Sunday, January 09, 2011

mass convert rar to zip (or cbr to zip) in linux

found this script on ubuntu's forums. had to modify one part of it but seems to work in linux (though you will have to input the full source directory name) I didn't look too closely at the source though.
#!/bin/bash

# Set the "field separator" to something other than spaces/newlines" so that spaces
# in the file names don't mess things up. I'm using the pipe symbol ("|") as it is very
# unlikely to appear in a file name.
IFS="|"

# The script should be invoked as "cbr2cbz {directory}", where "{directory}" is the
# top-level directory to be searched. Just to be paranoid, if no directory is specified,
# then default to the current working directory ("."). Let's put the name of the
# directory into a shell variable called WORKDIR.
# Note: "$1" = "The first command line argument"
if test -z $1; then
WORKDIR="."
else
WORKDIR="$1"
fi
echo "Working from directory $WORKDIR"

# Now, execute a loop, based on a "find" command in the specified directory. The
# "-printf "$p|" will cause the file names to be separated by the pipe symbol, rather than
# the default newline. Note the backtics ("`") (the key above the tab key on US
# keyboards).
for CBRFILE in `find $WORKDIR -name "*.cbr" -printf "%p|"`; do
# Now for the actual work. First, extract the base file name (without the extension)
# using the "basename" command. Warning: more backtics.
BASENAME=`basename $CBRFILE ".cbr"`

# And the directory path for that file, so we know where to put the finished ".cbz"
# file. You could potentially hard code this to a single directory - your choice...
# backtics again...
DIRNAME=`dirname $CBRFILE`

# For the new file name, let's convert any spaces to underscores. We'll do this with
# a "sed" (stream editor) command. Backtics again.
NEWBASEFILE=`echo "$BASENAME" | sed "s/ /_/g"`

# Now, build the "new" file name,
NEWNAME="$NEWBASEFILE.cbz"

# We need a guaranteed empty directory to work in, so I'm creating a temp
# directory under the current working directory. It will be deleted when we're
# done with it:
mkdir cbr2cbztemp
cd cbr2cbztemp

# Now that the preliminaries are done, we start doing some work.
# We need to copy the ".cbr" into the current "temp" directory for
# unpacking/repacking.
cp "$CBRFILE" .

# rename the file to a ".rar" file. I don't think this is necessary, but it shouldn't
# cause any problems...
mv "$BASENAME.cbr" "$BASENAME.rar"

# Unpack the rar file
unrar e "$BASENAME.rar"

# Delete the .rar file
rm "$BASENAME.rar"

# Create the ".cbz" file
zip "$NEWNAME" *

# And move it to the directory where we found the original ".cbr" file
cp "$NEWNAME" "$DIRNAME"

# Finally, "cd" back to the original working directory, and delete the temp directory
# created earlier.
cd ..
rm -r cbr2cbztemp

# At this point, you could potentially 'rm "$CBRFILE"' to delete the original, but
# I'd suggest not doing so until you're certain you've got a good ".cbz" file...

done

.. honestly it was driving me crazy before I found this. I assume it works for rar to zip too but no guarantees that it doesn't trash your whole system.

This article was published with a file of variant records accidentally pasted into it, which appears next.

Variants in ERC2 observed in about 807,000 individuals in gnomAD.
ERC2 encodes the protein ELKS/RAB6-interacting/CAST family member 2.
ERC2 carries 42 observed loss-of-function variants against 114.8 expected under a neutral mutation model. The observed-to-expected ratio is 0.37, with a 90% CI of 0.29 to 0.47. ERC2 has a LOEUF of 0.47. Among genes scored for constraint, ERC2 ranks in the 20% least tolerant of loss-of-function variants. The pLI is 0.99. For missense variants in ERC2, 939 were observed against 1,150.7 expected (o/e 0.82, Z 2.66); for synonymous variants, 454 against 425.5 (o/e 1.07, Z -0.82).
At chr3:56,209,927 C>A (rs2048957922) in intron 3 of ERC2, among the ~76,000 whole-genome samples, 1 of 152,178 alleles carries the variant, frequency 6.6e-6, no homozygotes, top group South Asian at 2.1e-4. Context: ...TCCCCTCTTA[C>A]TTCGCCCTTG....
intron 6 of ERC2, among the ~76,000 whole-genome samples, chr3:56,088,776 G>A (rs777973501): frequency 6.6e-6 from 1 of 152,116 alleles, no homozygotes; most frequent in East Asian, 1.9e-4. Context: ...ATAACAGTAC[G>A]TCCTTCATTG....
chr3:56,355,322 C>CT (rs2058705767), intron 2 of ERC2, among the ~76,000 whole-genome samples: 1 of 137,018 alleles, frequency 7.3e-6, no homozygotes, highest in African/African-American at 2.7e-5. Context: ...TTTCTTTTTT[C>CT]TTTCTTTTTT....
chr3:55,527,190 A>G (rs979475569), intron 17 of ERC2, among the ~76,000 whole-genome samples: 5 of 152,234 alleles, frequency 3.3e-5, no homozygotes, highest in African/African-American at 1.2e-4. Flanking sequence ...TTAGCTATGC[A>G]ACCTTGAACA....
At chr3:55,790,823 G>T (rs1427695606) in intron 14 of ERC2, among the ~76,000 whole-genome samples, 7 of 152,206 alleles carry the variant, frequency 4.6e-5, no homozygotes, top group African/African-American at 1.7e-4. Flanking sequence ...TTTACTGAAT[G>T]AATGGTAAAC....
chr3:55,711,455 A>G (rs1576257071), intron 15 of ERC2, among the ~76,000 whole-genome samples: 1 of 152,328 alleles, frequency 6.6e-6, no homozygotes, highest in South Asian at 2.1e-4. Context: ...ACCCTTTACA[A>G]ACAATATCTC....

#!/bin/bash

# Set the "field separator" to something other than spaces/newlines" so that spaces
# in the file names don't mess things up. I'm using the pipe symbol ("|") as it is very
# unlikely to appear in a file name.
IFS="|"

# The script should be invoked as "rar2zip {directory}", where "{directory}" is the
# top-level directory to be searched. Just to be paranoid, if no directory is specified,
# then default to the current working directory ("."). Let's put the name of the
# directory into a shell variable called WORKDIR.
# Note: "$1" = "The first command line argument"
if test -z $1; then
WORKDIR="."
else
WORKDIR="$1"
fi
echo "Working from directory $WORKDIR"

# Now, execute a loop, based on a "find" command in the specified directory. The
# "-printf "$p|" will cause the file names to be separated by the pipe symbol, rather than
# the default newline. Note the backtics ("`") (the key above the tab key on US
# keyboards).
for rarFILE in `find $WORKDIR -name "*.rar" -printf "%p|"`; do
# Now for the actual work. First, extract the base file name (without the extension)
# using the "basename" command. Warning: more backtics.
BASENAME=`basename $rarFILE ".rar"`

# And the directory path for that file, so we know where to put the finished ".zip"
# file. You could potentially hard code this to a single directory - your choice...
# backtics again...
DIRNAME=`dirname $rarFILE`

# For the new file name, let's convert any spaces to underscores. We'll do this with
# a "sed" (stream editor) command. Backtics again.
NEWBASEFILE=`echo "$BASENAME" | sed "s/ /_/g"`

# Now, build the "new" file name,
NEWNAME="$NEWBASEFILE.zip"

# We need a guaranteed empty directory to work in, so I'm creating a temp
# directory under the current working directory. It will be deleted when we're
# done with it:
mkdir rar2ziptemp
cd rar2ziptemp

# Now that the preliminaries are done, we start doing some work.
# We need to copy the ".rar" into the current "temp" directory for
# unpacking/repacking.
cp "$rarFILE" .

# rename the file to a ".rar" file. I don't think this is necessary, but it shouldn't
# cause any problems...
mv "$BASENAME.rar" "$BASENAME.rar"

# Unpack the rar file
unrar e "$BASENAME.rar"

# Delete the .rar file
rm "$BASENAME.rar"

# Create the ".zip" file
zip "$NEWNAME" *

# And move it to the directory where we found the original ".rar" file
cp "$NEWNAME" "$DIRNAME"

# Finally, "cd" back to the original working directory, and delete the temp directory
# created earlier.
cd ..
rm -r rar2ziptemp

# At this point, you could potentially 'rm "$rarFILE"' to delete the original, but
# I'd suggest not doing so until you're certain you've got a good ".zip" file...

done


credit to "Lloyd B." at http://ubuntuforums.org/archive/index.php/t-522660.html.

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